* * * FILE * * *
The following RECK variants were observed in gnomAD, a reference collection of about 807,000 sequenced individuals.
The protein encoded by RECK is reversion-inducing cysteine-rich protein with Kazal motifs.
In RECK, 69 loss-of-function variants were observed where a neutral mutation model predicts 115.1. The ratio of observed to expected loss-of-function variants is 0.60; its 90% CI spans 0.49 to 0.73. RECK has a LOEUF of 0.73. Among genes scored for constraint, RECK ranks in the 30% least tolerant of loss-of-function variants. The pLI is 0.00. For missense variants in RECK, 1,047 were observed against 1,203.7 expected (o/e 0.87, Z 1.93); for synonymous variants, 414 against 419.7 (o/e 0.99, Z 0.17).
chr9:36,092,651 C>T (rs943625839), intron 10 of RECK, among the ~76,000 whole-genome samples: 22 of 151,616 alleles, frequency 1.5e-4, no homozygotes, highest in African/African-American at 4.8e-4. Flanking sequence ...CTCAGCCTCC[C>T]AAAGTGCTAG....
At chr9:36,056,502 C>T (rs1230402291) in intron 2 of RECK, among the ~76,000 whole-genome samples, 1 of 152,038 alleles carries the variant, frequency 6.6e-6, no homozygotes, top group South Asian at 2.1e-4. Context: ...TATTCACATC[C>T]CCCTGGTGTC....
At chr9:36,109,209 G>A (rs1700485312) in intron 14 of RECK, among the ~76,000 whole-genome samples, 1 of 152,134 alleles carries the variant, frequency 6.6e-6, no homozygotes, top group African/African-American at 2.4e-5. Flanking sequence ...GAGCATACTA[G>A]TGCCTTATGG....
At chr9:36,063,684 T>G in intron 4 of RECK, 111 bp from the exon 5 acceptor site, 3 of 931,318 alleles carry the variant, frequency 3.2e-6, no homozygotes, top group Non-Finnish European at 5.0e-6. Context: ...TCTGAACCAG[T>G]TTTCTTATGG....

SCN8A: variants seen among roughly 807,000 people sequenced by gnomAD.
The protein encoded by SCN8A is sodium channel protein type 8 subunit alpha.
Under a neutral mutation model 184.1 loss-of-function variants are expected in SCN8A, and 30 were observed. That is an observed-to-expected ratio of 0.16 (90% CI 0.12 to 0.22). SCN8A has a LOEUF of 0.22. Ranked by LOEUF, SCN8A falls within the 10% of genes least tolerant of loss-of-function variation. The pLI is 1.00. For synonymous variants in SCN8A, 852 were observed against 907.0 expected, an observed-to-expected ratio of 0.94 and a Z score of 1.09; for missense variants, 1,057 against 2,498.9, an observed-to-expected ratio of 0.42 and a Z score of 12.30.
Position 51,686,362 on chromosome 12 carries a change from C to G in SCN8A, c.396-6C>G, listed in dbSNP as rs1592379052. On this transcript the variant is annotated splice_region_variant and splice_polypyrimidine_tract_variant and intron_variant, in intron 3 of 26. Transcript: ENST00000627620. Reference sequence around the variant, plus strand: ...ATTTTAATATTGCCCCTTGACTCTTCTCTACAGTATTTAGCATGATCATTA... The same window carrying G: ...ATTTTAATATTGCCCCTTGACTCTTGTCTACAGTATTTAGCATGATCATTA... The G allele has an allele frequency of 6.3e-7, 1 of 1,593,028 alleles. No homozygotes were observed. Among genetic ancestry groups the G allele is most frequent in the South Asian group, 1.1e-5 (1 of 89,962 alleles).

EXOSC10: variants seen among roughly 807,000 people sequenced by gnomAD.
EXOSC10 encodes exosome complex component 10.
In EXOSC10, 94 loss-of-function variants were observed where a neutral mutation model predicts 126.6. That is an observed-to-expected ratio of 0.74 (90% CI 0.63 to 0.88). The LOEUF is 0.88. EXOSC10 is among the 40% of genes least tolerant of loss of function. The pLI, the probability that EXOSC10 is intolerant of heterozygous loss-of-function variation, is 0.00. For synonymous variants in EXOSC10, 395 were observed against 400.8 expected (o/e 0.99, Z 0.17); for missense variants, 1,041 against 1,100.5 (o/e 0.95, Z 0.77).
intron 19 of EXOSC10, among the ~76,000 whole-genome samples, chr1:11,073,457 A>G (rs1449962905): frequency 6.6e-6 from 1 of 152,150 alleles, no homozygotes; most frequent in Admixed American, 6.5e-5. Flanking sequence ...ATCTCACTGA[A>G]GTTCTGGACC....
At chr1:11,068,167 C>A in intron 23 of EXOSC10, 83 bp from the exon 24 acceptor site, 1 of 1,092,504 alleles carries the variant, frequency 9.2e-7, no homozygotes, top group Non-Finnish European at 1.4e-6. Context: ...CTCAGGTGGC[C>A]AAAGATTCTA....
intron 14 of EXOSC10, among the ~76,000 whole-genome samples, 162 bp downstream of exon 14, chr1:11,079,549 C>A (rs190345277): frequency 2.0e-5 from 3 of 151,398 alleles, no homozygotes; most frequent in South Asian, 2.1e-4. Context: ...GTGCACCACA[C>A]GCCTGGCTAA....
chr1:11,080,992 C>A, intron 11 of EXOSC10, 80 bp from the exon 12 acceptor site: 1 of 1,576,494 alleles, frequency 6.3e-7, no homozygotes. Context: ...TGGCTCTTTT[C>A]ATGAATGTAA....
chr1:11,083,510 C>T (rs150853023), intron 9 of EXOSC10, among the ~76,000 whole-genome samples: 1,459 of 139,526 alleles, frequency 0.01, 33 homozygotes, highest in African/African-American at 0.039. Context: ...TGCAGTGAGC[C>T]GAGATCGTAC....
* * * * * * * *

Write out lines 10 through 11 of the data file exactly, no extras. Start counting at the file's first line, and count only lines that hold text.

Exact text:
Under a neutral mutation model 184.1 loss-of-function variants are expected in SCN8A, and 30 were observed. That is an observed-to-expected ratio of 0.16 (90% CI 0.12 to 0.22). SCN8A has a LOEUF of 0.22. Ranked by LOEUF, SCN8A falls within the 10% of genes least tolerant of loss-of-function variation. The pLI is 1.00. For synonymous variants in SCN8A, 852 were observed against 907.0 expected, an observed-to-expected ratio of 0.94 and a Z score of 1.09; for missense variants, 1,057 against 2,498.9, an observed-to-expected ratio of 0.42 and a Z score of 12.30.
Position 51,686,362 on chromosome 12 carries a change from C to G in SCN8A, c.396-6C>G, listed in dbSNP as rs1592379052. On this transcript the variant is annotated splice_region_variant and splice_polypyrimidine_tract_variant and intron_variant, in intron 3 of 26. Transcript: ENST00000627620. Reference sequence around the variant, plus strand: ...ATTTTAATATTGCCCCTTGACTCTTCTCTACAGTATTTAGCATGATCATTA... The same window carrying G: ...ATTTTAATATTGCCCCTTGACTCTTGTCTACAGTATTTAGCATGATCATTA... The G allele has an allele frequency of 6.3e-7, 1 of 1,593,028 alleles. No homozygotes were observed. Among genetic ancestry groups the G allele is most frequent in the South Asian group, 1.1e-5 (1 of 89,962 alleles).